For the Omega Speedmaster Professional “TINTIN”, the calling card is that red-and-white checker pattern around the edge of the dial. This gives a bit of flair to an otherwise monochromatic watch, even if you’re unaware of the inspiration for the pattern. Even knowing it, it does give a racier feel to the piece, enlivening the dial. Despite the pop of color, the design has not become distracting. All elements are kept perfectly legible, with the ceramic bezel insert mirroring the white-on-black of the dial.
While the Omega Speedmaster was never a large watch by today’s standards, the Omega Speedmaster Professional “TINTIN” is one of the larger, coming in at a 42mm diameter and 14mm thick, courtesy of that domed Hesalite crystal. Which, come to think of it, is yet another design cue that is deeply associated with the design. Flipping the watch over, you have a solid caseback with the Speedmaster logo, and engraving that ensures you never forget this design’s place in space exploration history.
Under that solid caseback, you have the manually-wound Omega caliber 1861 movement. This is a movement that was first produced in 1996, taking over for the Lemania-based Caliber 861 that had been in the Speedmaster since 1969. While the 1861 is now retired, it had a good run, appearing in Speedmaster watches for over 20 years, which attests to its reliability and durability.
In terms of the hard specs, the 1861 isn’t going to seem all that different from many other movements – it has a rate of 21,600 bph (3Hz), offers a power reserve of 48 hours, and relies on 18 jewels to keep things moving. Still, it gets the job done while maintaining an accuracy of -1 to +11 seconds per day. Obviously not chronometer levels (or METAS, in Omega terms) but later movements do get there. For this, I say if it was good enough to get men on the moon, it’ll be accurate enough to get you to your appointment on time.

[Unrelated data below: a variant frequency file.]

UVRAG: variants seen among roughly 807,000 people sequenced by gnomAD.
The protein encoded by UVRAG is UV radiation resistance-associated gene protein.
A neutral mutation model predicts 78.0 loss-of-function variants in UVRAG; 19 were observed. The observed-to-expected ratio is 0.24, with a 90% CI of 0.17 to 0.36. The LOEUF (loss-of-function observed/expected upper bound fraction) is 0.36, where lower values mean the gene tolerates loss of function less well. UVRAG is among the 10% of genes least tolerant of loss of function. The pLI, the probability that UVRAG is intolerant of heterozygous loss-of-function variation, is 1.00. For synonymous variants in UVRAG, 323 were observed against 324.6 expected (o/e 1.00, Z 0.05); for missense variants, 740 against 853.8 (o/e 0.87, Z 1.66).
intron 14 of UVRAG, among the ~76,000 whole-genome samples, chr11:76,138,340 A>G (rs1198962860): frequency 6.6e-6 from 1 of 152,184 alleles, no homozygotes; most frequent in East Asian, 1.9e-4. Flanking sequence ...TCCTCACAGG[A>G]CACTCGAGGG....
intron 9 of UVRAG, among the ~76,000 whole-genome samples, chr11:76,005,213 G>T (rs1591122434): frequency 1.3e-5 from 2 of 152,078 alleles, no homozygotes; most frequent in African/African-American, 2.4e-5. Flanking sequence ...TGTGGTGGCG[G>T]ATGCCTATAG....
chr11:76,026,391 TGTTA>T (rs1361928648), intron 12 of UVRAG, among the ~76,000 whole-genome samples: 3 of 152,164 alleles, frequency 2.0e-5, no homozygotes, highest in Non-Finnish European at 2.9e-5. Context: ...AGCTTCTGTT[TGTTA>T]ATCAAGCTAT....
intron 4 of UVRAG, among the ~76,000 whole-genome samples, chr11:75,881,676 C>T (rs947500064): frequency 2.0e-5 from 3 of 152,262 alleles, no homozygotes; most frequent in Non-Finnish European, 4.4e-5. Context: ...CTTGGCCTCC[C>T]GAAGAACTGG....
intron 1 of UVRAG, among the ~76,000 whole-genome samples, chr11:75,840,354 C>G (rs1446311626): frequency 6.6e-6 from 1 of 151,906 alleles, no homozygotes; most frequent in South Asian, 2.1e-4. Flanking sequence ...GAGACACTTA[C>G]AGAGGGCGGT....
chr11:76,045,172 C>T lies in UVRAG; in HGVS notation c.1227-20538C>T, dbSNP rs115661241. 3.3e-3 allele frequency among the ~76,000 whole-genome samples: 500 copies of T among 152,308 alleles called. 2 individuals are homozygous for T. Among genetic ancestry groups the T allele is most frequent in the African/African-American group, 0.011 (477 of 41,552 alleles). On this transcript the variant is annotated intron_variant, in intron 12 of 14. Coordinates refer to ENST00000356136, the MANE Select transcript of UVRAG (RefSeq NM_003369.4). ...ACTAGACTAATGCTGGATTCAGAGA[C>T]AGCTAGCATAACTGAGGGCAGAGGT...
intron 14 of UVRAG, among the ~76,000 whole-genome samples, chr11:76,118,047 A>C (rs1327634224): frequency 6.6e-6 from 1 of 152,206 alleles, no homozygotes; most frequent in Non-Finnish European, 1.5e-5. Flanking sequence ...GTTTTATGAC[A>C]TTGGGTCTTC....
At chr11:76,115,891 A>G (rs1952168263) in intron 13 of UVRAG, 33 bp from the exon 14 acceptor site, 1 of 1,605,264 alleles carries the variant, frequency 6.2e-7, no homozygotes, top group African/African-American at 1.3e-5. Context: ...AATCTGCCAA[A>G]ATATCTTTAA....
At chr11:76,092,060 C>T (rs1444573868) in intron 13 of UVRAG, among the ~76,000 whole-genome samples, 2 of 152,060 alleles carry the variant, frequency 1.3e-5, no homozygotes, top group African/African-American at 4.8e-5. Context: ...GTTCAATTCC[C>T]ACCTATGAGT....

Versus The Competition
The good news is that, while the Omega Speedmaster Professional “TINTIN” is difficult to find, there is no shortage of Omega Speedmaster models that you could find, both new and second-hand. If you’re going vintage, you can find things like tropical dials (a dial surface that has been faded by the sun). In the more modern era, you can find watches that celebrate the anniversary of the moon landing, or even go with a more explicit comic association with one of the Snoopy Speedmaster models.
If you’re looking for something other than the Speedmaster, but still want a chronograph that has had a longer production run, you have a few different choices. The heavyweight in the room for these watches would be the Rolex Daytona and all its racing heritage, or even the little brother Tudor Big Block Oysterdate Chronograph. Alternatively, if you want to head for the skies, Breitling is the place to look in either vintage or modern versions.
I liken the Omega Speedmaster Professional “TINTIN” to someone who wears a dark, conservative suit and then splashes in bright colors with their socks or pocket square. While the overall look of the Omega Speedmaster Professional is surprisingly conservative (giving it’s sporting history), the Tintin rocket pattern in there enlivens things a good deal. I find myself rather tickled by the fact that there’s this hidden association to the cartoon character, as well as being a monument to a rare failure by Omega that still saw light of day.
If you find yourself dreaming of the stars, and reliving the great space race of the 1960s, it would be hard to argue against obtaining an Omega Speedmaster Professional. Over the last 65 year, innumerable models have been produced, many celebrating the NASA associations. For diving into the rare end of the pool, the Omega Speedmaster Professional “TINTIN” is a unique way to go. The very unassuming – if bright – design belies the fact that the watch has an almost apocryphal origin story, something you can delight your fellow watch lovers with.